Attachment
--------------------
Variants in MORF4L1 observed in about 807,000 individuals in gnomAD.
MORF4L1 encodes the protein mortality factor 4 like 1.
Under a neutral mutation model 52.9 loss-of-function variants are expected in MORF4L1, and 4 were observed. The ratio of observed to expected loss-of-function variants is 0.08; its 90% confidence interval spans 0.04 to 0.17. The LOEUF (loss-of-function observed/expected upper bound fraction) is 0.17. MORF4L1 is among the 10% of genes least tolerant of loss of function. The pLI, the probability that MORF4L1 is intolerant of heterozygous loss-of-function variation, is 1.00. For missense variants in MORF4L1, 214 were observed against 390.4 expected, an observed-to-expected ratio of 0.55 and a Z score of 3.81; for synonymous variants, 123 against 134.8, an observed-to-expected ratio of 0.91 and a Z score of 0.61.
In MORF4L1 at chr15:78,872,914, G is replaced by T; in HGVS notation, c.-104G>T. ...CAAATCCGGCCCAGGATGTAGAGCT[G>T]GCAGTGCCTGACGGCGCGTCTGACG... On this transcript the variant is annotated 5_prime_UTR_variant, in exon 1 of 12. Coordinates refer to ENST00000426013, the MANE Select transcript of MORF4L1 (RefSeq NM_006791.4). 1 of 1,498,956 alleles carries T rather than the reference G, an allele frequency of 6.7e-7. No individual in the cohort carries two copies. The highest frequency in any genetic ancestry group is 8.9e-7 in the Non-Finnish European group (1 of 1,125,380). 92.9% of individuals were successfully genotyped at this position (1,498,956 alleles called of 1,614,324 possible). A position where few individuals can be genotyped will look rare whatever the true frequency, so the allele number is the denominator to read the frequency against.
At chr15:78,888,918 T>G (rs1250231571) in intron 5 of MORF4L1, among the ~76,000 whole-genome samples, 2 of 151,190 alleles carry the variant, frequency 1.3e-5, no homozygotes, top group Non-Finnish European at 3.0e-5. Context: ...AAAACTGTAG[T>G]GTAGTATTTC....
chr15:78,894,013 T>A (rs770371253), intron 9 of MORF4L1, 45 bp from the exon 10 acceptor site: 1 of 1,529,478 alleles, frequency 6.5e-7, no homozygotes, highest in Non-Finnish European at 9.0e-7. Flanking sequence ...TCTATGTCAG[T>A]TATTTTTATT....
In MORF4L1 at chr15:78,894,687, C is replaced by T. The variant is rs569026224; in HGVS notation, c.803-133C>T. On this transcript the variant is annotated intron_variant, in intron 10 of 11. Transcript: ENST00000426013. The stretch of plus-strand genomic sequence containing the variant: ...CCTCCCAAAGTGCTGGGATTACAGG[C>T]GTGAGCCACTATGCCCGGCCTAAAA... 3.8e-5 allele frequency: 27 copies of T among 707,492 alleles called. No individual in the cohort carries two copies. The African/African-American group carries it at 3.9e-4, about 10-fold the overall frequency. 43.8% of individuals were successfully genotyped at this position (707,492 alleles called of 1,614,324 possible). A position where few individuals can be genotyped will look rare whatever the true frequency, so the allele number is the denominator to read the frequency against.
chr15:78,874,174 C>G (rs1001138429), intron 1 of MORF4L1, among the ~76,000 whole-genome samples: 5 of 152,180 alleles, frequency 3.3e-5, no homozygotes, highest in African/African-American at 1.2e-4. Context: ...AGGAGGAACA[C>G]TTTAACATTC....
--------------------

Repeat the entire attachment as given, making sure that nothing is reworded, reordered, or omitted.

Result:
Variants in MORF4L1 observed in about 807,000 individuals in gnomAD.
MORF4L1 encodes the protein mortality factor 4 like 1.
Under a neutral mutation model 52.9 loss-of-function variants are expected in MORF4L1, and 4 were observed. The ratio of observed to expected loss-of-function variants is 0.08; its 90% confidence interval spans 0.04 to 0.17. The LOEUF (loss-of-function observed/expected upper bound fraction) is 0.17. MORF4L1 is among the 10% of genes least tolerant of loss of function. The pLI, the probability that MORF4L1 is intolerant of heterozygous loss-of-function variation, is 1.00. For missense variants in MORF4L1, 214 were observed against 390.4 expected, an observed-to-expected ratio of 0.55 and a Z score of 3.81; for synonymous variants, 123 against 134.8, an observed-to-expected ratio of 0.91 and a Z score of 0.61.
In MORF4L1 at chr15:78,872,914, G is replaced by T; in HGVS notation, c.-104G>T. ...CAAATCCGGCCCAGGATGTAGAGCT[G>T]GCAGTGCCTGACGGCGCGTCTGACG... On this transcript the variant is annotated 5_prime_UTR_variant, in exon 1 of 12. Coordinates refer to ENST00000426013, the MANE Select transcript of MORF4L1 (RefSeq NM_006791.4). 1 of 1,498,956 alleles carries T rather than the reference G, an allele frequency of 6.7e-7. No individual in the cohort carries two copies. The highest frequency in any genetic ancestry group is 8.9e-7 in the Non-Finnish European group (1 of 1,125,380). 92.9% of individuals were successfully genotyped at this position (1,498,956 alleles called of 1,614,324 possible). A position where few individuals can be genotyped will look rare whatever the true frequency, so the allele number is the denominator to read the frequency against.
At chr15:78,888,918 T>G (rs1250231571) in intron 5 of MORF4L1, among the ~76,000 whole-genome samples, 2 of 151,190 alleles carry the variant, frequency 1.3e-5, no homozygotes, top group Non-Finnish European at 3.0e-5. Context: ...AAAACTGTAG[T>G]GTAGTATTTC....
chr15:78,894,013 T>A (rs770371253), intron 9 of MORF4L1, 45 bp from the exon 10 acceptor site: 1 of 1,529,478 alleles, frequency 6.5e-7, no homozygotes, highest in Non-Finnish European at 9.0e-7. Flanking sequence ...TCTATGTCAG[T>A]TATTTTTATT....
In MORF4L1 at chr15:78,894,687, C is replaced by T. The variant is rs569026224; in HGVS notation, c.803-133C>T. On this transcript the variant is annotated intron_variant, in intron 10 of 11. Transcript: ENST00000426013. The stretch of plus-strand genomic sequence containing the variant: ...CCTCCCAAAGTGCTGGGATTACAGG[C>T]GTGAGCCACTATGCCCGGCCTAAAA... 3.8e-5 allele frequency: 27 copies of T among 707,492 alleles called. No individual in the cohort carries two copies. The African/African-American group carries it at 3.9e-4, about 10-fold the overall frequency. 43.8% of individuals were successfully genotyped at this position (707,492 alleles called of 1,614,324 possible). A position where few individuals can be genotyped will look rare whatever the true frequency, so the allele number is the denominator to read the frequency against.
chr15:78,874,174 C>G (rs1001138429), intron 1 of MORF4L1, among the ~76,000 whole-genome samples: 5 of 152,180 alleles, frequency 3.3e-5, no homozygotes, highest in African/African-American at 1.2e-4. Context: ...AGGAGGAACA[C>G]TTTAACATTC....